As we pulled out of the station all eyes were on the Christmas menu, a suitably festive five-course feast complete with wine and Christmas crackers. The crystal and silverwear softly clinked as course after course of delicious food was deftly presented by ever-smiling staff.

Smoked gravlax with salmon mousse to start.

 

 

 

 

 

All of the food was absolutely delicious and beautifully presented. Our stewards for the day, Stuart and Amy, a grandfather and granddaughter team from Manchester, did a grand job of looking after everyone.

Our lovely stewardess Amy – doesn’t she look like Reese Witherspoon?

In between courses we were also treated to some rather lively on board entertainment. First up was Lido the magician who impressed guests with a series of “how did he do that?” card tricks.

Lido the Magician

Followed by a couple of marvellous musicians playing show tunes, swing songs and Christmas favourites with the panache.

White Christmas

Throughout the day the atmosphere was refined yet incredibly friendly. Passengers chatted amongst themselves for the most part but as the wine and champagne flowed people starting leaning across the aisles telling their stories to each to each other. And everybody had a story; one of the young ladies sat with us had recently lost her father and her sister had brought her along to cheer her up; another lady was celebrating her birthday; while a long-time passenger in the next cabin told me that he has commissioned his coffin to be made in the shape of the Northern Belle! Seriously, the guy’s casket features walnut marquetry and is lined with the same upholstery material of his favourite train. Even Stuart, our steward, had a secret tale; he was in fact the brother of comedian Russ Abbott – lots of “See you Jimmys” in the carriage after that revelation. It certainly wasn’t your average train time chat.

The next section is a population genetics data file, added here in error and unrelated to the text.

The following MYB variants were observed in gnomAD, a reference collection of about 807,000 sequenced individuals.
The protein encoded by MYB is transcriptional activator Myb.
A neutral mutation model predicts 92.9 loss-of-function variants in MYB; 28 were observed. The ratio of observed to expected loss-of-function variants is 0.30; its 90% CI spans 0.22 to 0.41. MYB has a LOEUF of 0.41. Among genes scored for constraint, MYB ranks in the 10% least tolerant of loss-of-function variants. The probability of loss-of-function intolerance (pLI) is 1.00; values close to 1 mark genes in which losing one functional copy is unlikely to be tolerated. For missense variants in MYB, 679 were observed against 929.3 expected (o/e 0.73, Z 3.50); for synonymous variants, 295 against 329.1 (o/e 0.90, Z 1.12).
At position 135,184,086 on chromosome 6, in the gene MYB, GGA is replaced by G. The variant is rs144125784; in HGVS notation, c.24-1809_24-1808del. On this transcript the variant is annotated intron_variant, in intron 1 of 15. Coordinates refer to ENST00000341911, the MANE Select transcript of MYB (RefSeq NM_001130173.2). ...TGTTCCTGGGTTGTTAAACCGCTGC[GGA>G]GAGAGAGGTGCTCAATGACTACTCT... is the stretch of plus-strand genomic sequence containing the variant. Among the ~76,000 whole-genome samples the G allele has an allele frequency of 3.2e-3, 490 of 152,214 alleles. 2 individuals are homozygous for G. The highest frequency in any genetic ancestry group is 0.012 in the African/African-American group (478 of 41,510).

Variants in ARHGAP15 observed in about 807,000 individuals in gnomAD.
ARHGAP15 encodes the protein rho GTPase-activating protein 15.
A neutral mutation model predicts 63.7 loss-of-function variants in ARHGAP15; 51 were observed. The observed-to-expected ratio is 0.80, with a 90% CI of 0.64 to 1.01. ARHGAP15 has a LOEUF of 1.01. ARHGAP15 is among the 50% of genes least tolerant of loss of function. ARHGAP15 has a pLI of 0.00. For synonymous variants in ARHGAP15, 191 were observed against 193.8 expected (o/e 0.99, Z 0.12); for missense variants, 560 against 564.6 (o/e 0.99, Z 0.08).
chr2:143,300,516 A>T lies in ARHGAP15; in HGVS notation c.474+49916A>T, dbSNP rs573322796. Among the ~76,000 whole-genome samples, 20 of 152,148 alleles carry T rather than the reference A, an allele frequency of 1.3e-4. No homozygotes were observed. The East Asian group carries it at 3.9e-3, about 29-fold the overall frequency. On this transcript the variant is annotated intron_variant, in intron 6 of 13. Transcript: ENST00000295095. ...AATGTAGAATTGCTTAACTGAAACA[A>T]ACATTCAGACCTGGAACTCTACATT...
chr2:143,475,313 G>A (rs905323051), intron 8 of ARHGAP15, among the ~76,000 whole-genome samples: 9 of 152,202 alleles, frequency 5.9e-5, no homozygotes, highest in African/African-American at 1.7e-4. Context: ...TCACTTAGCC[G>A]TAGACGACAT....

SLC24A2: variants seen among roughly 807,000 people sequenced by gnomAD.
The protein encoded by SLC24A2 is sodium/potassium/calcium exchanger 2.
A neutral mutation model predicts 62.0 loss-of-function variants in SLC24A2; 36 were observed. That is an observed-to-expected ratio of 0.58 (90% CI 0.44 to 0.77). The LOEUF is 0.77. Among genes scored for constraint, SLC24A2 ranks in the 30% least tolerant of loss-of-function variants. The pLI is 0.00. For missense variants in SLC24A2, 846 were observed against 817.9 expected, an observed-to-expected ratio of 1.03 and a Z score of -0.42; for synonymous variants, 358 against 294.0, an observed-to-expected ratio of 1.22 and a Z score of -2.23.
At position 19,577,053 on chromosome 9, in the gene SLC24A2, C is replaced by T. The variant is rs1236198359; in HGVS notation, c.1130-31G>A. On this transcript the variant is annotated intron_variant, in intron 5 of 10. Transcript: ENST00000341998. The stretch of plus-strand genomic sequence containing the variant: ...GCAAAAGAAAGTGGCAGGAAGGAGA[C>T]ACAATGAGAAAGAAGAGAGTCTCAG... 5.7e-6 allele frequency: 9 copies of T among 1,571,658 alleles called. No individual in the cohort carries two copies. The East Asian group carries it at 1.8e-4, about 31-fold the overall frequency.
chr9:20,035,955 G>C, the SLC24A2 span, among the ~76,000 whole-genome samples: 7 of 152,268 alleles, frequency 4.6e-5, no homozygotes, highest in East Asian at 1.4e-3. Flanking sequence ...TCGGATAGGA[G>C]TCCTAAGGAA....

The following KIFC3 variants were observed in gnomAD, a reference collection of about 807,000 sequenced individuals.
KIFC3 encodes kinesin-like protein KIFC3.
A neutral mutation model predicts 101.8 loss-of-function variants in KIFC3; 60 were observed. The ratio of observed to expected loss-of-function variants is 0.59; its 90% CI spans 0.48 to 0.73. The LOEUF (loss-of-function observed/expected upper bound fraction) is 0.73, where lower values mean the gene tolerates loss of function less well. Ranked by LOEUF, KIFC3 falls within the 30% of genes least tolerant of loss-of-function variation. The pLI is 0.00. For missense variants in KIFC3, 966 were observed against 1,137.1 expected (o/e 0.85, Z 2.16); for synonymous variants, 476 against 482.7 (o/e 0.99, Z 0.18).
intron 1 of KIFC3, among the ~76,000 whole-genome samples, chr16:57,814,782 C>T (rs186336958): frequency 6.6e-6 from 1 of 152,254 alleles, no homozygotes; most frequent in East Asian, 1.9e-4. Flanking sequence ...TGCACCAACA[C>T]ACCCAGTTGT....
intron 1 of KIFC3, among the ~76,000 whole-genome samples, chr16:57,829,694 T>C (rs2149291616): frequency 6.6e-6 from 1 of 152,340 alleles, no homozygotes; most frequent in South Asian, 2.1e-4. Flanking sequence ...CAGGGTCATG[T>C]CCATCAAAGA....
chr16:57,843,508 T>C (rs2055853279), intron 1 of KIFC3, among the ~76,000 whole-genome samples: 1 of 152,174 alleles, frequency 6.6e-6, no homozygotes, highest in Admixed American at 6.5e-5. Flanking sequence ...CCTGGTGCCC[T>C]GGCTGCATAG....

My favourite fellow guests though were George and Frances who were sat across the aisle from us. Aged 83 and 80 respectively, they informed us that they were in their sixtieth year of marriage – apparently the secret is that you have to be friends first – and inspired us all to tears (luckily I had a substantial stash of tissues on hand). This diamond duo had also travelled all over the world – China was Frances’ favourite – had climbed Sydney Harbour Bridge and sky-dived – YES, SKY-DIVED – from 12,000 feet over Bondai Beach just two years ago. Incredible.

Mommie Dearest with our superstar steward, Stuart.

By the time our gilded chariot pulled back into Manchester, everyone had become firm friends and when it came time to say our goodbyes there were lots of hugs and best wishes all round. Full of Christmas spirit and bon homie, we bade the beautiful Northern Belle a goodbye – a tearful one of course.

GO THERE

Visit www.orient-express.com for more information.

 

 


15
Nov 12

Vintage shopping in Paris

Paris plus vintage shopping – could there be a more perfect travel amalgamation? I think not. And it’s certainly a favourite combination for celebrities and famous fashion faces too. Parisians, of course, take their fashion very seriously, so this is an amazing city to just stroll and shop, but if you really want to know where to go for those amazing one-off fashion finds you’ll need your own personal shopper.